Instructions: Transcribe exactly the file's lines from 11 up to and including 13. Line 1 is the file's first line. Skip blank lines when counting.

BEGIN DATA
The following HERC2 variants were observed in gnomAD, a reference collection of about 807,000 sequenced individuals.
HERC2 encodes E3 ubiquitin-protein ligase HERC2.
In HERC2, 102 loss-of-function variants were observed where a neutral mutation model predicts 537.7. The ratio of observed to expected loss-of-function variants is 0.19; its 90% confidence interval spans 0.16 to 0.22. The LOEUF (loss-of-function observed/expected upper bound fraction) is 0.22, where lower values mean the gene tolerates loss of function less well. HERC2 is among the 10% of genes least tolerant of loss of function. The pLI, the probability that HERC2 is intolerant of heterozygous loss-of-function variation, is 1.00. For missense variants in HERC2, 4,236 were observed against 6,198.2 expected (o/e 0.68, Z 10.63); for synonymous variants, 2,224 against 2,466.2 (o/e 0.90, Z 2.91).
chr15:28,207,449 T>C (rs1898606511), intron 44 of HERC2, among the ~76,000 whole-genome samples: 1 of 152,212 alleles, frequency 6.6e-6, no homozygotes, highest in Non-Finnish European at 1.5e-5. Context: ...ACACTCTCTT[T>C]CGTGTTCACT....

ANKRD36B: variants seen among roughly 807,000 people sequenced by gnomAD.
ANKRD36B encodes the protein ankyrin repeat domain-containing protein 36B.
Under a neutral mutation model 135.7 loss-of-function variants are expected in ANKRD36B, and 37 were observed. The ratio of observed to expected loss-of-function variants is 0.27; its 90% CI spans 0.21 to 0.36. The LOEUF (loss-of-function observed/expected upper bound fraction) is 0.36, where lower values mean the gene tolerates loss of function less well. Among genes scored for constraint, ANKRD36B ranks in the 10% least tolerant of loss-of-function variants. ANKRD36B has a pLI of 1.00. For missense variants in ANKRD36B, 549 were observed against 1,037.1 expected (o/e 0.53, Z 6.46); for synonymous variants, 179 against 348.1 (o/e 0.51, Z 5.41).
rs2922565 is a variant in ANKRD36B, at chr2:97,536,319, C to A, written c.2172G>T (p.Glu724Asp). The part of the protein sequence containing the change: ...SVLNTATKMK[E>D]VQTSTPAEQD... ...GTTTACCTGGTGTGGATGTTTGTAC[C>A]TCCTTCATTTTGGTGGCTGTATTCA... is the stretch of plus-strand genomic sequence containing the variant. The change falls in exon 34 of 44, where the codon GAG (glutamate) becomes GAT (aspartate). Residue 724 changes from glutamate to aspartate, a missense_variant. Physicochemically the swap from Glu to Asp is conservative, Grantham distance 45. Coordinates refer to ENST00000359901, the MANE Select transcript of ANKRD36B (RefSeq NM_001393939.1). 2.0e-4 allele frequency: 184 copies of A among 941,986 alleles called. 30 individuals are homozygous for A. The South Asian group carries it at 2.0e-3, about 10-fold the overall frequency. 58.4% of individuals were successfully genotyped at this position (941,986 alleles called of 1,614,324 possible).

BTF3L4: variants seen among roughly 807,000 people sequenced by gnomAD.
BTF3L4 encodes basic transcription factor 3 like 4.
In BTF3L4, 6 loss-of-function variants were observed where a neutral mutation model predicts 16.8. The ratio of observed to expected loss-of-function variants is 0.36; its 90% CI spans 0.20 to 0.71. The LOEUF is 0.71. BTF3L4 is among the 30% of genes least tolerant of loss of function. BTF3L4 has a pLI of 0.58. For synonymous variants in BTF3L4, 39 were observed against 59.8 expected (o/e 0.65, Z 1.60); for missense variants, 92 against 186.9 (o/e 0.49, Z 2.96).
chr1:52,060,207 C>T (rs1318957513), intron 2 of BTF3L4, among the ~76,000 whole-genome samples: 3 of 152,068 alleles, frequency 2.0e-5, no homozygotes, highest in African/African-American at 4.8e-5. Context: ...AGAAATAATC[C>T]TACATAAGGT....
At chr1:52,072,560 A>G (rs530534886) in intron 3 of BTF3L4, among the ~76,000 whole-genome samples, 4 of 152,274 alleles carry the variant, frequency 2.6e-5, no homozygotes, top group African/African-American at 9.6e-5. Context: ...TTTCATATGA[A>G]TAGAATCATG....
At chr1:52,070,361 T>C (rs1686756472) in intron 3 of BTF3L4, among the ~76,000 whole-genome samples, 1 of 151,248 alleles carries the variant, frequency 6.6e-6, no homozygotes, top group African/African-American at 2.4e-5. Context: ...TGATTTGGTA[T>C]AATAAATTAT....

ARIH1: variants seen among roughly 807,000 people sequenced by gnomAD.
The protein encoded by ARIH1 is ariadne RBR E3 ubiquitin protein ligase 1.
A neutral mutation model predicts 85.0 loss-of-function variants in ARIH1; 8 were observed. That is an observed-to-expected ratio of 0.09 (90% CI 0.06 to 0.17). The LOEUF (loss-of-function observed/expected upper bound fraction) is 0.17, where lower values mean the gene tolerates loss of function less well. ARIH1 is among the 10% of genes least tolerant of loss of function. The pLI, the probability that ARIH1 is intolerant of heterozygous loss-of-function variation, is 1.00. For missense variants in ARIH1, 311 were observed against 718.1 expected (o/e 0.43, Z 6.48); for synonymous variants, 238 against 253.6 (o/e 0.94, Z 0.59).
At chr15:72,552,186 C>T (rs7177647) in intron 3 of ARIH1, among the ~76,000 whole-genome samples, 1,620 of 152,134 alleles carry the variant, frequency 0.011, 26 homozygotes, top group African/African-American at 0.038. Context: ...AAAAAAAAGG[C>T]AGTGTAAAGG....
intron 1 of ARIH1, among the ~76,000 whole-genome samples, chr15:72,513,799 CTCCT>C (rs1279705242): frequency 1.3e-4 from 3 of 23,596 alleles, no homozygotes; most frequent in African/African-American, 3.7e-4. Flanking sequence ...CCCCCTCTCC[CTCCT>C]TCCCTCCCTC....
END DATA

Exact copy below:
In BTF3L4, 6 loss-of-function variants were observed where a neutral mutation model predicts 16.8. The ratio of observed to expected loss-of-function variants is 0.36; its 90% CI spans 0.20 to 0.71. The LOEUF is 0.71. BTF3L4 is among the 30% of genes least tolerant of loss of function. BTF3L4 has a pLI of 0.58. For synonymous variants in BTF3L4, 39 were observed against 59.8 expected (o/e 0.65, Z 1.60); for missense variants, 92 against 186.9 (o/e 0.49, Z 2.96).
chr1:52,060,207 C>T (rs1318957513), intron 2 of BTF3L4, among the ~76,000 whole-genome samples: 3 of 152,068 alleles, frequency 2.0e-5, no homozygotes, highest in African/African-American at 4.8e-5. Context: ...AGAAATAATC[C>T]TACATAAGGT....
At chr1:52,072,560 A>G (rs530534886) in intron 3 of BTF3L4, among the ~76,000 whole-genome samples, 4 of 152,274 alleles carry the variant, frequency 2.6e-5, no homozygotes, top group African/African-American at 9.6e-5. Context: ...TTTCATATGA[A>G]TAGAATCATG....